Beautmont Enterprise: Kemp's ridley turtle numbers at record levels in Texas
A record number of endangered Kemp's ridley sea turtle nests was found in Texas this year despite worries that nesting could be harmed by the BP oil disaster and a cold winter that killed hundreds of turtles.
The increase in Texas is overshadowed by the disappointing number of nests found near the central nesting ground at Rancho Nuevo in Mexico's Tamaulipas state. The increase failed to match the previous record, leaving scientists worried about the turtle's long-term prospects.
As of Monday, 199 nests had been found along the Texas Coast, the largest number since record-keeping began in the early 1980s. The Upper Texas Coast set a record as well, with 22 nests found from the Matagorda Peninsula to Sabine Pass. Most were found on Galveston Island, which also set a record with 15 nests.
Scientists counted between 18,000 and 20,000 nests near Rancho Nuevo, up from the 13,000 counted last year. The count is still below the record 22,000 recorded in 2009, said Pat Burchfield, U.S. field group coordinator with the binational Kemp's ridley project.
The Kemp's ridley, once virtually extinct, had been making a slow comeback before recent nesting numbers put its future in doubt, Burchfield said. "Up until last year we were seeing a 14 to 15 percent increase, but now we don't know," he said. "We are still optimistic that it's coming back."
Oil spill effects a worry
The record nesting year in Texas comes after a plunge last year preceded by five years of steady gains. After reaching 197 nests in 2009, the number plunged to 139 last year. The sudden drop worried scientists because the nesting season, which runs roughly from April 1 to July 15, came during a period when a huge section of the Gulf was covered with oil from the ruptured wellhead at BP's Deepwater Horizon oil platform.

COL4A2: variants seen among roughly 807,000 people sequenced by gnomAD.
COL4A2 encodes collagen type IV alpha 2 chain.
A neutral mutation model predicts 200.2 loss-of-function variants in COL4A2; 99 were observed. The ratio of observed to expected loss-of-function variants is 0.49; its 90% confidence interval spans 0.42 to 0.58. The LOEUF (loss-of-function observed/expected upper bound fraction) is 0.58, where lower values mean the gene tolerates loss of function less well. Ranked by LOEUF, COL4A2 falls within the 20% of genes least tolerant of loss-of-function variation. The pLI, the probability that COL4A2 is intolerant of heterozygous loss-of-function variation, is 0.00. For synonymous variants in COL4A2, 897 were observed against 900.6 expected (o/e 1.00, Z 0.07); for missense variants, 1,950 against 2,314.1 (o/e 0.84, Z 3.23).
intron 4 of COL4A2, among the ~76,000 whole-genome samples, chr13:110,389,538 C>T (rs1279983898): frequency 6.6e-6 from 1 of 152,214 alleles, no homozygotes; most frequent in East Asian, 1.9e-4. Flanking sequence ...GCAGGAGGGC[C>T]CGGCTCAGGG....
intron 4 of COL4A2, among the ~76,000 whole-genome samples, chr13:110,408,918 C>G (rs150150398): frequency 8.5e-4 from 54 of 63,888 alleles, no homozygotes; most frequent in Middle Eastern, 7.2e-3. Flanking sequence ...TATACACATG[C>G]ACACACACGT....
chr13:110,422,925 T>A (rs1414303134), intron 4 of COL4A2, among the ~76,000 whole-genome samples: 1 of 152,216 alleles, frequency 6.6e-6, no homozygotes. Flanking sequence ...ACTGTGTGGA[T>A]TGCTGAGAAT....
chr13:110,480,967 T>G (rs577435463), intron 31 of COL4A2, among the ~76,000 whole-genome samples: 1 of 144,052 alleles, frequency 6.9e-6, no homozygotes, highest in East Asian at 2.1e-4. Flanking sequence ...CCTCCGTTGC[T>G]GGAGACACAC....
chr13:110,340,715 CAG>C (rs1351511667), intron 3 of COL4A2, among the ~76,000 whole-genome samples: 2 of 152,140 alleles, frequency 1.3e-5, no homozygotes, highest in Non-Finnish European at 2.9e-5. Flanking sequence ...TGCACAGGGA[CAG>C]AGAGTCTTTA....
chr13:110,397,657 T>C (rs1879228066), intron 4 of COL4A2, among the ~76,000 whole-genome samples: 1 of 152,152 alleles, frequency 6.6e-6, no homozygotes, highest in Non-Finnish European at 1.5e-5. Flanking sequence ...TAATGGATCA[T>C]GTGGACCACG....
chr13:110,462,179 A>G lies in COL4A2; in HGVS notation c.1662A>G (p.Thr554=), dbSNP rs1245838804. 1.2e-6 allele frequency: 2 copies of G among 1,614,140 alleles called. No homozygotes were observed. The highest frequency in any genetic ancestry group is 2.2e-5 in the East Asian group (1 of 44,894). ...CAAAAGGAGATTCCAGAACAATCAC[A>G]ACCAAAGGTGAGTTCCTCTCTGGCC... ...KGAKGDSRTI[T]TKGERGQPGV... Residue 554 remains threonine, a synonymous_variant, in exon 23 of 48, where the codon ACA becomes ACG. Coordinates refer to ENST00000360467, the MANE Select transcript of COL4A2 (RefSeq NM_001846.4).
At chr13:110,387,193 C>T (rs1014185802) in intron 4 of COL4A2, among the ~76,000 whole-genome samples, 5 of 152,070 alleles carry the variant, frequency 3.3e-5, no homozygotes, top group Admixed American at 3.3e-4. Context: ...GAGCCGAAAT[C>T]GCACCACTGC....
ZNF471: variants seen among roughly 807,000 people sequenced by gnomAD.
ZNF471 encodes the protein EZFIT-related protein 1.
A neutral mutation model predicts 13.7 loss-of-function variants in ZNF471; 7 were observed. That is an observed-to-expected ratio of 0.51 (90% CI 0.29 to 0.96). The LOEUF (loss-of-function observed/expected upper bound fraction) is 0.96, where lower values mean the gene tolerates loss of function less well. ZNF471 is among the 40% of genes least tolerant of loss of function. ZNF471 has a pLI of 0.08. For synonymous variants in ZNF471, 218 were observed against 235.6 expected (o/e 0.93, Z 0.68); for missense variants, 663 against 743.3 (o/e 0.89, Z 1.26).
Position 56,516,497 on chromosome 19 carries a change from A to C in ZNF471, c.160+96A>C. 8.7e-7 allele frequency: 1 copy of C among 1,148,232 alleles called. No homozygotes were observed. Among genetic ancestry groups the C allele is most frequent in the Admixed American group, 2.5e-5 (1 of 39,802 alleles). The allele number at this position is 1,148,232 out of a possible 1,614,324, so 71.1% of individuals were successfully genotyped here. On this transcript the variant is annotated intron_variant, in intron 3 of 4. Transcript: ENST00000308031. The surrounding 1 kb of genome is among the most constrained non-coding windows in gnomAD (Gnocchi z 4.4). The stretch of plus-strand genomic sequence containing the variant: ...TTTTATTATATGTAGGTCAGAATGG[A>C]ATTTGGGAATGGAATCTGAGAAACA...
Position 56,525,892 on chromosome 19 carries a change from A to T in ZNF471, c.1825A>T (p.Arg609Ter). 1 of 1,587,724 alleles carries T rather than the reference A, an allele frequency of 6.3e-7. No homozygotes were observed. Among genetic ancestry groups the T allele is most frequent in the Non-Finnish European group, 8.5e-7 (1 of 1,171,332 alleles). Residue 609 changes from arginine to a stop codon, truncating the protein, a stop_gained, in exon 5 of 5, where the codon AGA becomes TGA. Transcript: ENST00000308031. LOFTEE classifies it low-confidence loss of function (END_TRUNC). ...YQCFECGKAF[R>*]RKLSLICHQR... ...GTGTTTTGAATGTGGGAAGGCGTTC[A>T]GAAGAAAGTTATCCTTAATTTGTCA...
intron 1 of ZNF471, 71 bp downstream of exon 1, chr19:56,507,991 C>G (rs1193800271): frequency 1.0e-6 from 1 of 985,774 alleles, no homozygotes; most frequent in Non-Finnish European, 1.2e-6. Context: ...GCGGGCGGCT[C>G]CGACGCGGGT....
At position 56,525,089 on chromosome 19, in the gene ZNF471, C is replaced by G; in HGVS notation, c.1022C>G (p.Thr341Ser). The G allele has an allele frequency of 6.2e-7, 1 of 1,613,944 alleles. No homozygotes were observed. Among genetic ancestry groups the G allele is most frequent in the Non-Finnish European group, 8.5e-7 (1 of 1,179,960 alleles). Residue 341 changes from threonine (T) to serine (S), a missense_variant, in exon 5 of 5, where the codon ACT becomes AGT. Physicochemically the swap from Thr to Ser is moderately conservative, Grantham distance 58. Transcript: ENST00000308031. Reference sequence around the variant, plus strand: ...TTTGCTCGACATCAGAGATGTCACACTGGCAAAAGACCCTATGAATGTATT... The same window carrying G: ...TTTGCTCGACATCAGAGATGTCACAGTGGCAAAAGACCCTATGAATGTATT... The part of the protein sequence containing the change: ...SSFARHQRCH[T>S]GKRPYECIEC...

Scientists found scores of dead juvenile Kemp's ridleys floating among oil-fouled debris in the deep ocean while some 500 dead turtles, most of them Kemp's ridleys, were discovered closer to shore.
Although the increase this year is a good sign, scientists are being cautious about its significance. The effects of the BP oil still could surface years from now.
"It's a record just by a very few nests and these are species that mature at 10 to 15 years of age," said Donna Shaver, U.S. Park Service chief of sea turtle science and recovery at Padre Island National Seashore. "If very young classes were impacted, it may take years for us to find out what the results are."
If not a sure sign of the Kemp's ridley's recovery, the figures show that greater numbers are choosing the Upper Texas Coast as nesting ground, said André Landry Jr., director of the Sea Turtle and Fisheries Ecology Research Laboratory at Texas A&M Galveston.
"We are the only portion that has had consistent increases," said Landry, who pioneered Kemp's ridley research on the Upper Texas Coast. "It's been a good year, definitely."
No Bolivar comeback
A significant number of the total nests discovered by the Texas A&M turtle patrol in years before Hurricane Ike struck in September 2008 were on the Bolivar Peninsula, Landry said. But no nests were found there in 2009 and only three last year. "This is a bit of a mystery to me," he said.
Reasons could be the sand swept away by Hurricane Ike, vehicular traffic on the beach and beach cleaning with heavy equipment, Landry said.